Ahead of the weekend, the Canadian dollar rallied amid the risk-on mood spurred by speculation of the end of China’s Covid-zero policy and on the strength of the employment report. The US dollar settled below CAD1.35 for the first time since September 22. This is potentially the neckline of a larger head and shoulders pattern that projects toward CAD1.30. The US dollar bounced to CAD1.3555 in the initial reaction of China’s denial of a change in its Covid stance. Support was found near CAD1.3465 in Europe. The lower Bollinger Band is slightly lower. There is little chart support ahead of CAD1.3400. Consolidation may be the most likely scenario in North America today. Meanwhile, the US dollar is approaching the year’s low against the Mexican peso, set in late May near MXN19.4135. The greenback saw about MXN19.4590 before the weekend and is consolidating in the lower end of the pre-weekend range. The initial bounce carried the US dollar to almost MXN19.58. The highlight of the week is the October CPI figures on Wednesday and what is expected to be a 75 bp hike from Banxico on Thursday. Brazil report retail sales (Wednesday) and IPCA inflation (Thursday). Inflation peaked in April around 12.1% and is expected to have fallen for the fourth consecutive month to slightly below 6.4% last month. Key dollar support is seen near BRL5.00.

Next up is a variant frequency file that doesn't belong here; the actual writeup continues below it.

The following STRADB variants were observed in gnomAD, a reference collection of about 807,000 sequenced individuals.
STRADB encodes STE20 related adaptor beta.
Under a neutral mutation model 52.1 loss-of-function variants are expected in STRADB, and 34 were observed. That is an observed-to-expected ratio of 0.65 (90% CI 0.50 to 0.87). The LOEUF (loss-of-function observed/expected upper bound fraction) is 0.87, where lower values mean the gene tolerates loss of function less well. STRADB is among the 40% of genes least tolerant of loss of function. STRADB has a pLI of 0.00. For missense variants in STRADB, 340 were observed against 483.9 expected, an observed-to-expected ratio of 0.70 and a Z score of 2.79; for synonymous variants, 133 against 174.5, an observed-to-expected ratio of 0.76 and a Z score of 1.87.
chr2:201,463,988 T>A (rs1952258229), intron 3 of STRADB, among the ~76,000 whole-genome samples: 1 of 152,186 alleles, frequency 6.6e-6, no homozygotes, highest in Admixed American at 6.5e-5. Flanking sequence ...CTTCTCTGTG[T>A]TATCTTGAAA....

Editor’s Note: The summary bullets for this article were chosen by Seeking Alpha editors.